cond City in England ; yet it is and that more useful edifices might not the mere established title to be so be erected on their sites ! So might called, but the association of ideas, the hallowed melancholy of St. Mary's and the impressions which its own Abbey-precincts be invaded; so might features create; that ratify the justice Clifford's Tower be leveled with the of the claim, and would stamp it with dust ; and all that reminds us of the the appellation, even did no legal magnificence of antient York, remain right exist for it. But, alas! Mr. only in the beautiful delineations of Urban, the ravages of the grand Mr. Halfpenny. It is not for a destroyer are planting the deep fur. Stranger to behold or understand the rows of age on many parts of its springs which move the conduct of venerable countenance ; and I fear those in whom local administration that some of its features are vanishing resides; he can but reason from what away for ever.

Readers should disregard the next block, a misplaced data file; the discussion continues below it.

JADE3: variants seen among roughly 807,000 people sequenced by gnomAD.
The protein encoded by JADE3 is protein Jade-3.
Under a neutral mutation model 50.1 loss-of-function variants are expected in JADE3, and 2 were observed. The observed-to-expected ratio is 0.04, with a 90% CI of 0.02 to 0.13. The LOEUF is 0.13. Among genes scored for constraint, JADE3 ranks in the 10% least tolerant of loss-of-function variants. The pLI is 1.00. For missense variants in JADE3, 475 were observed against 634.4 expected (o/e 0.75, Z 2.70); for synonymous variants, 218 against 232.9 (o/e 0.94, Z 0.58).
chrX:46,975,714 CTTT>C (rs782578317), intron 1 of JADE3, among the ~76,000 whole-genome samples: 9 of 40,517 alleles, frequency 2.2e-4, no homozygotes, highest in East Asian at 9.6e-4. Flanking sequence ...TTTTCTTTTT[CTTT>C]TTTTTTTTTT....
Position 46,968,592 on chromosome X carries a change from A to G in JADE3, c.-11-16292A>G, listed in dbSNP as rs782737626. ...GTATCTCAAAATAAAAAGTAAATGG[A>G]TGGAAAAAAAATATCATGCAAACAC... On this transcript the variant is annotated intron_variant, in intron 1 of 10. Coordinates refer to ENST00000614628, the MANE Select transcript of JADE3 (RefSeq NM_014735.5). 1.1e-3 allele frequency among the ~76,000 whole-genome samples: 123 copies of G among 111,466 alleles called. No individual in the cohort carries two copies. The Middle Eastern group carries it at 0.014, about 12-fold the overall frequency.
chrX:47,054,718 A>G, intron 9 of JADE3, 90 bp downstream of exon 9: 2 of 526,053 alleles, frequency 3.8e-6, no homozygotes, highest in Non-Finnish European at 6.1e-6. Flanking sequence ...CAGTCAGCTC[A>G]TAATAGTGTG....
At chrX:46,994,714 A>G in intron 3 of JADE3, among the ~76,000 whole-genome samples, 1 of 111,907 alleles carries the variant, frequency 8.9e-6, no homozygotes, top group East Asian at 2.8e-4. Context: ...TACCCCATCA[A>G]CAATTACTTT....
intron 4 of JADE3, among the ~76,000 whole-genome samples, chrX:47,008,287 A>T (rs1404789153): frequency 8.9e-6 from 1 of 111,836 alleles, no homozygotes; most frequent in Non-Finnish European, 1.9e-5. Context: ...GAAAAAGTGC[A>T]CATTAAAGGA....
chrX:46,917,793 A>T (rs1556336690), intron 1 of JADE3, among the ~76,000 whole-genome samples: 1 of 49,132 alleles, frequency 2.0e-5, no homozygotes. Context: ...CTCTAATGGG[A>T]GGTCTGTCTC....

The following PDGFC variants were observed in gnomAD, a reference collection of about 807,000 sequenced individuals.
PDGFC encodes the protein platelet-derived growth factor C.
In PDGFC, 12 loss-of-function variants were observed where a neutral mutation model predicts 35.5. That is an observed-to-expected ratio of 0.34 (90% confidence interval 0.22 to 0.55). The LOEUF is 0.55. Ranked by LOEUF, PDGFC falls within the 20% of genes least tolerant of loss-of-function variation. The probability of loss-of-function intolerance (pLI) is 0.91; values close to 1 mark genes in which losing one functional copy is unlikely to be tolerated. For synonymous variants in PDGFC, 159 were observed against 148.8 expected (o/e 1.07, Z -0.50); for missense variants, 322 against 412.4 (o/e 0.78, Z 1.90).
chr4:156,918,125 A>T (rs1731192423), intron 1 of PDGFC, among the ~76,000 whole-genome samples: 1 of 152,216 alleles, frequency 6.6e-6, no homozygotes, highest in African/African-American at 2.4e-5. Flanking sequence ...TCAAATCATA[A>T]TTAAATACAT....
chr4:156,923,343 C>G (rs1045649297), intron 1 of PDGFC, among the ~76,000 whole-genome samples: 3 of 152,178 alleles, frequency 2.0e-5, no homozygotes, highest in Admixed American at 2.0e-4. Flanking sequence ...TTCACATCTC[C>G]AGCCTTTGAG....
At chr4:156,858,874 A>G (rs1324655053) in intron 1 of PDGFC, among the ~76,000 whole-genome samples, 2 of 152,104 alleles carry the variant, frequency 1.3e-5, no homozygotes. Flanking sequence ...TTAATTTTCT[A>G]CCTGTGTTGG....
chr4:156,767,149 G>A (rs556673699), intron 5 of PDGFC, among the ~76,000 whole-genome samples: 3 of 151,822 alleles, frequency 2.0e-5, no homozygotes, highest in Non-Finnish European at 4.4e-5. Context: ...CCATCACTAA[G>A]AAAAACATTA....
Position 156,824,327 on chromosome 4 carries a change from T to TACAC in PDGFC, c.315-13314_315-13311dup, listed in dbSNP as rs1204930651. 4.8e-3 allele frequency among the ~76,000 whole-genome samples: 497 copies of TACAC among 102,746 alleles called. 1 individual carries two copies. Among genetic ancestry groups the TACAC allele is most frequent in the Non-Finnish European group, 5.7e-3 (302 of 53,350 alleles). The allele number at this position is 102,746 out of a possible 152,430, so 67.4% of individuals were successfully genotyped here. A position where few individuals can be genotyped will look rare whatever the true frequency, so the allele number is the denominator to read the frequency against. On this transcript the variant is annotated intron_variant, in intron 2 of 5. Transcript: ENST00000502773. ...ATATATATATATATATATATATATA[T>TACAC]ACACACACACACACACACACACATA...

he sees, and from the feelings which I have indulged myself with a Ram- those views excite; but if it be only ble on a portion of the Walls of the tusle, whether good or bad, that is City, formerly more agreeable, when busy on the occasion, he may then more safe, from North-street Post- be allowed to express his own sentiern, nearly to Skeldergate Posteru; ments, and to confess, that he is but I am sorry to say, that there are rather at a loss to conceive how a interruptions in the course of it, which circumvallatiou, which in his idea take much from the pleasure of the operates as a barrier against the acwalk, and which, I think, might be cumulation of buildings, can be acremedied. . It is not to be expected counted not salutary; and he